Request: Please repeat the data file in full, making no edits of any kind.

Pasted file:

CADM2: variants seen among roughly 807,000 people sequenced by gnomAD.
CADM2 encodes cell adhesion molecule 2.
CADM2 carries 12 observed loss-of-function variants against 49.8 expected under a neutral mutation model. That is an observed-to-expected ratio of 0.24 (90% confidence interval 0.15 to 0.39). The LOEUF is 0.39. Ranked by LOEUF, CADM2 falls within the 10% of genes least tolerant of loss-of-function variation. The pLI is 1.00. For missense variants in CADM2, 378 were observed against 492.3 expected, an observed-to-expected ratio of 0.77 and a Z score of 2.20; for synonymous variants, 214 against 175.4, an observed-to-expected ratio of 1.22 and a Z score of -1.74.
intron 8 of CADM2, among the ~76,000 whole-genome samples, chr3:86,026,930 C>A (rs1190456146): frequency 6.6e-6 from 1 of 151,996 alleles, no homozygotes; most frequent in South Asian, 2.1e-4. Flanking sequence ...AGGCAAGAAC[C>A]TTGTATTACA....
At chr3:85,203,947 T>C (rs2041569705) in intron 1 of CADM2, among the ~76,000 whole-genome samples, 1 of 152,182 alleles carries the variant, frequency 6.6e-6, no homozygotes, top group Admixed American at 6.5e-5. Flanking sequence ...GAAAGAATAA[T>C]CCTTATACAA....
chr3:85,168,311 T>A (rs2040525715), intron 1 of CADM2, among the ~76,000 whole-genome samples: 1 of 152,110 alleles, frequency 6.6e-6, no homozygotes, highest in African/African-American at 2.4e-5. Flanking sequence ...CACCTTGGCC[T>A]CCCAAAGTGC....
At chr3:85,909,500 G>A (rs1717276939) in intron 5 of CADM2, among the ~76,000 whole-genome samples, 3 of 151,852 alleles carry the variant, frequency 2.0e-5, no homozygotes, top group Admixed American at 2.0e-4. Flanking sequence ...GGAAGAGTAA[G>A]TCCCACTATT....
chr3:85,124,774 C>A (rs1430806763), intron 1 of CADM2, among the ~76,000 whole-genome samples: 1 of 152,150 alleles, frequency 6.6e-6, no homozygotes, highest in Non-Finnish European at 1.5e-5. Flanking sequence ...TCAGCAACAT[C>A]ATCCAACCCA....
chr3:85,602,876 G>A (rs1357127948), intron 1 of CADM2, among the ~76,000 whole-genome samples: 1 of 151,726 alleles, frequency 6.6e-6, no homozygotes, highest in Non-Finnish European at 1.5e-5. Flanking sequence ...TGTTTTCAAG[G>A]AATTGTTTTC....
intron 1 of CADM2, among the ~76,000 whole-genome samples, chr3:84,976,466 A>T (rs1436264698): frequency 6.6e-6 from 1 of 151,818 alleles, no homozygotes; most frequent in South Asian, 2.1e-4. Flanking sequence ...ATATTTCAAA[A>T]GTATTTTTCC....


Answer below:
CADM2: variants seen among roughly 807,000 people sequenced by gnomAD.
CADM2 encodes cell adhesion molecule 2.
CADM2 carries 12 observed loss-of-function variants against 49.8 expected under a neutral mutation model. That is an observed-to-expected ratio of 0.24 (90% confidence interval 0.15 to 0.39). The LOEUF is 0.39. Ranked by LOEUF, CADM2 falls within the 10% of genes least tolerant of loss-of-function variation. The pLI is 1.00. For missense variants in CADM2, 378 were observed against 492.3 expected, an observed-to-expected ratio of 0.77 and a Z score of 2.20; for synonymous variants, 214 against 175.4, an observed-to-expected ratio of 1.22 and a Z score of -1.74.
intron 8 of CADM2, among the ~76,000 whole-genome samples, chr3:86,026,930 C>A (rs1190456146): frequency 6.6e-6 from 1 of 151,996 alleles, no homozygotes; most frequent in South Asian, 2.1e-4. Flanking sequence ...AGGCAAGAAC[C>A]TTGTATTACA....
At chr3:85,203,947 T>C (rs2041569705) in intron 1 of CADM2, among the ~76,000 whole-genome samples, 1 of 152,182 alleles carries the variant, frequency 6.6e-6, no homozygotes, top group Admixed American at 6.5e-5. Flanking sequence ...GAAAGAATAA[T>C]CCTTATACAA....
chr3:85,168,311 T>A (rs2040525715), intron 1 of CADM2, among the ~76,000 whole-genome samples: 1 of 152,110 alleles, frequency 6.6e-6, no homozygotes, highest in African/African-American at 2.4e-5. Flanking sequence ...CACCTTGGCC[T>A]CCCAAAGTGC....
At chr3:85,909,500 G>A (rs1717276939) in intron 5 of CADM2, among the ~76,000 whole-genome samples, 3 of 151,852 alleles carry the variant, frequency 2.0e-5, no homozygotes, top group Admixed American at 2.0e-4. Flanking sequence ...GGAAGAGTAA[G>A]TCCCACTATT....
chr3:85,124,774 C>A (rs1430806763), intron 1 of CADM2, among the ~76,000 whole-genome samples: 1 of 152,150 alleles, frequency 6.6e-6, no homozygotes, highest in Non-Finnish European at 1.5e-5. Flanking sequence ...TCAGCAACAT[C>A]ATCCAACCCA....
chr3:85,602,876 G>A (rs1357127948), intron 1 of CADM2, among the ~76,000 whole-genome samples: 1 of 151,726 alleles, frequency 6.6e-6, no homozygotes, highest in Non-Finnish European at 1.5e-5. Flanking sequence ...TGTTTTCAAG[G>A]AATTGTTTTC....
intron 1 of CADM2, among the ~76,000 whole-genome samples, chr3:84,976,466 A>T (rs1436264698): frequency 6.6e-6 from 1 of 151,818 alleles, no homozygotes; most frequent in South Asian, 2.1e-4. Flanking sequence ...ATATTTCAAA[A>T]GTATTTTTCC....